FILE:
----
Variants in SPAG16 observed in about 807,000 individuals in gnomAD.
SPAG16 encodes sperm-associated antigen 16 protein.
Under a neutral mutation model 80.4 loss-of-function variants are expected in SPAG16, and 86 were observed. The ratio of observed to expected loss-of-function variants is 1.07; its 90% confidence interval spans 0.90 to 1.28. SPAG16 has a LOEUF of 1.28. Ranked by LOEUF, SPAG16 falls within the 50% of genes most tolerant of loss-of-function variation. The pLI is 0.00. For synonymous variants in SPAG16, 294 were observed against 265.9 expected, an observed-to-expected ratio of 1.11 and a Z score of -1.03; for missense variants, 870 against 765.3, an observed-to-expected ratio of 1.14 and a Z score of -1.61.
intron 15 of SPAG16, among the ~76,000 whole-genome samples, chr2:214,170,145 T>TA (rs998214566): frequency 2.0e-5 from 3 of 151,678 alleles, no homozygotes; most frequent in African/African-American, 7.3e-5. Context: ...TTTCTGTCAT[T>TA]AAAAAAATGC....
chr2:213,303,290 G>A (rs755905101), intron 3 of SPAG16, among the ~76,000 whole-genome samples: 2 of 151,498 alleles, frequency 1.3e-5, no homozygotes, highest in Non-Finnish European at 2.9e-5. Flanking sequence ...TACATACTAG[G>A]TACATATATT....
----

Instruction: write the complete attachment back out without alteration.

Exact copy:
Variants in SPAG16 observed in about 807,000 individuals in gnomAD.
SPAG16 encodes sperm-associated antigen 16 protein.
Under a neutral mutation model 80.4 loss-of-function variants are expected in SPAG16, and 86 were observed. The ratio of observed to expected loss-of-function variants is 1.07; its 90% confidence interval spans 0.90 to 1.28. SPAG16 has a LOEUF of 1.28. Ranked by LOEUF, SPAG16 falls within the 50% of genes most tolerant of loss-of-function variation. The pLI is 0.00. For synonymous variants in SPAG16, 294 were observed against 265.9 expected, an observed-to-expected ratio of 1.11 and a Z score of -1.03; for missense variants, 870 against 765.3, an observed-to-expected ratio of 1.14 and a Z score of -1.61.
intron 15 of SPAG16, among the ~76,000 whole-genome samples, chr2:214,170,145 T>TA (rs998214566): frequency 2.0e-5 from 3 of 151,678 alleles, no homozygotes; most frequent in African/African-American, 7.3e-5. Context: ...TTTCTGTCAT[T>TA]AAAAAAATGC....
chr2:213,303,290 G>A (rs755905101), intron 3 of SPAG16, among the ~76,000 whole-genome samples: 2 of 151,498 alleles, frequency 1.3e-5, no homozygotes, highest in Non-Finnish European at 2.9e-5. Flanking sequence ...TACATACTAG[G>A]TACATATATT....